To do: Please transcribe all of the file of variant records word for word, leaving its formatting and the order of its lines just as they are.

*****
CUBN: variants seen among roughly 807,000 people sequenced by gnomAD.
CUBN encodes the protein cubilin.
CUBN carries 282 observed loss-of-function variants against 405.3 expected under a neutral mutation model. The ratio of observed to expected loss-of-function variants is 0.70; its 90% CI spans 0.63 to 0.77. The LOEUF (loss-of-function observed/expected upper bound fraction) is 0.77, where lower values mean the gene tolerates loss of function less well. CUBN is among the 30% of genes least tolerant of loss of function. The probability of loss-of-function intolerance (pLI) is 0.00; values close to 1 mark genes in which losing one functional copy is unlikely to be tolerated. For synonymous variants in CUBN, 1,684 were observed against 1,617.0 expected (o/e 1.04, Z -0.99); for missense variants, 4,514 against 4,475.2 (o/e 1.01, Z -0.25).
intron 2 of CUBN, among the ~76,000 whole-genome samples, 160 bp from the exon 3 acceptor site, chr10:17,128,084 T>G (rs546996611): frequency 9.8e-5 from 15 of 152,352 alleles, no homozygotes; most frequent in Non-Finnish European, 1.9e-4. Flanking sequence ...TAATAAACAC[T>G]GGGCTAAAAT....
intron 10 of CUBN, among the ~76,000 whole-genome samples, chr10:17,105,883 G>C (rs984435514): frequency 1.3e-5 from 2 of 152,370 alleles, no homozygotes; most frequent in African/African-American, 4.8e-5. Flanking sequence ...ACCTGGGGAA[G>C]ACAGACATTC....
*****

CUBN: variants seen among roughly 807,000 people sequenced by gnomAD.
CUBN encodes the protein cubilin.
CUBN carries 282 observed loss-of-function variants against 405.3 expected under a neutral mutation model. The ratio of observed to expected loss-of-function variants is 0.70; its 90% CI spans 0.63 to 0.77. The LOEUF (loss-of-function observed/expected upper bound fraction) is 0.77, where lower values mean the gene tolerates loss of function less well. CUBN is among the 30% of genes least tolerant of loss of function. The probability of loss-of-function intolerance (pLI) is 0.00; values close to 1 mark genes in which losing one functional copy is unlikely to be tolerated. For synonymous variants in CUBN, 1,684 were observed against 1,617.0 expected (o/e 1.04, Z -0.99); for missense variants, 4,514 against 4,475.2 (o/e 1.01, Z -0.25).
intron 2 of CUBN, among the ~76,000 whole-genome samples, 160 bp from the exon 3 acceptor site, chr10:17,128,084 T>G (rs546996611): frequency 9.8e-5 from 15 of 152,352 alleles, no homozygotes; most frequent in Non-Finnish European, 1.9e-4. Flanking sequence ...TAATAAACAC[T>G]GGGCTAAAAT....
intron 10 of CUBN, among the ~76,000 whole-genome samples, chr10:17,105,883 G>C (rs984435514): frequency 1.3e-5 from 2 of 152,370 alleles, no homozygotes; most frequent in African/African-American, 4.8e-5. Flanking sequence ...ACCTGGGGAA[G>C]ACAGACATTC....